Intubation vs. Supraglottic Airway for Out-of-Hospital Cardiac Arrest
Daniel M. Lindberg, MD
Endotracheal intubation had a small but consistent benefit across several outcomes in this systematic review of observational studies.
While quality advanced life support can certainly be critical for patients with out-of-hospital cardiac arrest, there is no robust evidence that early intubation improves outcomes, and many prehospital providers have moved to the use of supraglottic devices that are technically easier to place. These authors conducted a systematic review comparing outcomes for these two airway management methods.
A robust search strategy identified 10 observational studies that included approximately 35,000 patients with out-of-hospital cardiac arrest who received endotracheal intubation and 41,000 who received a supraglottic device. Intubated patients had significantly higher odds of return of spontaneous circulation (odds ratio, 1.28), survival to hospital admission (OR, 1.34) and neurologically intact survival (OR, 1.33).
These effect sizes are small and, as the authors note, observational studies cannot adjust for potential confounders, such as the skill of the intubator of the possibility that some patients with failed intubation attempts were included in the supraglottic group and almost by definition had a longer and more complicated out-of-hospital time.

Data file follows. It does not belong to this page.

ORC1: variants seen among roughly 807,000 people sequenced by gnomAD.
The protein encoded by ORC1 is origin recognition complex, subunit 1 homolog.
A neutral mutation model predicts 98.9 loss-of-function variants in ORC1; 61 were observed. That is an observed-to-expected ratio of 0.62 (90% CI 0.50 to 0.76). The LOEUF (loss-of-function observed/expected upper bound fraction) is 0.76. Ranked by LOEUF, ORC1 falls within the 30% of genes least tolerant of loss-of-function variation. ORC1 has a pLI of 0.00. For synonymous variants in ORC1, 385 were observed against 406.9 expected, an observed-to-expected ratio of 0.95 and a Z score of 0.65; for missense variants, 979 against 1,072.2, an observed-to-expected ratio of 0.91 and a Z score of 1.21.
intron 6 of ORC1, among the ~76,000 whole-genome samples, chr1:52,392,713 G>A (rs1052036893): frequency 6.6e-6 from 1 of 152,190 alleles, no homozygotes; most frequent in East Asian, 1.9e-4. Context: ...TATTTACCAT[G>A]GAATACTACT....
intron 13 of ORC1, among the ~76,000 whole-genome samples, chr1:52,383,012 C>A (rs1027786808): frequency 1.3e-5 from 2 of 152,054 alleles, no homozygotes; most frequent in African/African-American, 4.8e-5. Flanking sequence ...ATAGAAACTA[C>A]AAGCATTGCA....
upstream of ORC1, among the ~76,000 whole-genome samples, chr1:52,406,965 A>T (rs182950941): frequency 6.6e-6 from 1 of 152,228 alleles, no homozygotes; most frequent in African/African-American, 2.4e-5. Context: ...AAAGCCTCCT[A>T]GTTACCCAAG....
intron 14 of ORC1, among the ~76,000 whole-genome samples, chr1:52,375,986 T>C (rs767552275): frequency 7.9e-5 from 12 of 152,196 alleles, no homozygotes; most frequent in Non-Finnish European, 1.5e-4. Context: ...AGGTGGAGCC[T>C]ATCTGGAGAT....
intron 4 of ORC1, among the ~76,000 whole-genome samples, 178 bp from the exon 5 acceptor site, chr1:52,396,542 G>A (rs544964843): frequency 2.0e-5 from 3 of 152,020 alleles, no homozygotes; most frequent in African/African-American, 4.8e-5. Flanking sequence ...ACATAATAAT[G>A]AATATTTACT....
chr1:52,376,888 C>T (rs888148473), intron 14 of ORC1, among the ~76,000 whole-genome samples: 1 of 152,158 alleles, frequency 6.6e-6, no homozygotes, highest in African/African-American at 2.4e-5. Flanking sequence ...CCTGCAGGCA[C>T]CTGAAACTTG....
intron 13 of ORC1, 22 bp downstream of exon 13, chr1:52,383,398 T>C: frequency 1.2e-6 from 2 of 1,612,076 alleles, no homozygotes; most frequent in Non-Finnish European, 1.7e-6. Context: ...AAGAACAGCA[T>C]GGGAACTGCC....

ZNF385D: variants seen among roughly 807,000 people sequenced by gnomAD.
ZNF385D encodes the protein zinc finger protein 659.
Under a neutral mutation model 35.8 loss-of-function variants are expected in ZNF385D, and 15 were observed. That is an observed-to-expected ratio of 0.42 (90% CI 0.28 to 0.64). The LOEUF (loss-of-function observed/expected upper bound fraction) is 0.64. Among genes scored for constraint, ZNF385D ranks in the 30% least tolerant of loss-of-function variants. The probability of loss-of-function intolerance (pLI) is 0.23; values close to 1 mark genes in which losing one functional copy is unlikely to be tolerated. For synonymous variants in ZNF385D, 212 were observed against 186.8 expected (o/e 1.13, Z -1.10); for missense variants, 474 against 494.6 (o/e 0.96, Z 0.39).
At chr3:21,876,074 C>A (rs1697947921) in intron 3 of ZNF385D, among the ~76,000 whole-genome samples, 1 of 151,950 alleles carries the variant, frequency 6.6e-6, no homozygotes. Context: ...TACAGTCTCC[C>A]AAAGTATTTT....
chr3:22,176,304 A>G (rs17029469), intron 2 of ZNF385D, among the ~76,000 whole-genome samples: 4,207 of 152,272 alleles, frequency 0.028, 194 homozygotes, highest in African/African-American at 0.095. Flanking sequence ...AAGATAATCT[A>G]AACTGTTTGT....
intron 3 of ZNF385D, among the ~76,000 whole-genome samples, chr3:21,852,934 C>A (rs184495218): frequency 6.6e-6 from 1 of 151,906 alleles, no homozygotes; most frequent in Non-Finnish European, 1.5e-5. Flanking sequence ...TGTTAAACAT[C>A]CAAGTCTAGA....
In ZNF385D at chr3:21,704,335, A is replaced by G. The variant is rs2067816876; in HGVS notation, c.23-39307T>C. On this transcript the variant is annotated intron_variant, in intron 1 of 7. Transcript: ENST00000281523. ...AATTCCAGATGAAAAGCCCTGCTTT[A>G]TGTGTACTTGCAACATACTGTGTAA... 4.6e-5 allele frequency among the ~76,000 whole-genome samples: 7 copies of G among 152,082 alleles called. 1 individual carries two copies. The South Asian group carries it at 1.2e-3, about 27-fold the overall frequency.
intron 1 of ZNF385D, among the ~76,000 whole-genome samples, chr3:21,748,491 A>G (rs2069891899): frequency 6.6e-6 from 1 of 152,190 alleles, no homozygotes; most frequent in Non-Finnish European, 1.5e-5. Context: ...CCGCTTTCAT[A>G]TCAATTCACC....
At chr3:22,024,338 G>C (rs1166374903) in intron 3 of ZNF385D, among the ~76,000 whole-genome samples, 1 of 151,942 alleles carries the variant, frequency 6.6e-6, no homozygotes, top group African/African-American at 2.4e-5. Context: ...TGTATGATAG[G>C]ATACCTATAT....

For cardiac arrest patients, intubation should take a distant back seat to quality cardiopulmonary resuscitation and early defibrillation when indicated; any adequate ventilation, including bag-valve-mask ventilation, is initially sufficient. This study suggests that there is equipoise for a controlled trial of intubation versus supraglottic devices. Until then, transport should not be delayed to attempt intubation.
Benoit JL et al. Endotracheal intubation versus supraglottic airway placement in out-of-hospital cardiac arrest: A meta-analysis. Resuscitation 2015 May 22; [e-pub].
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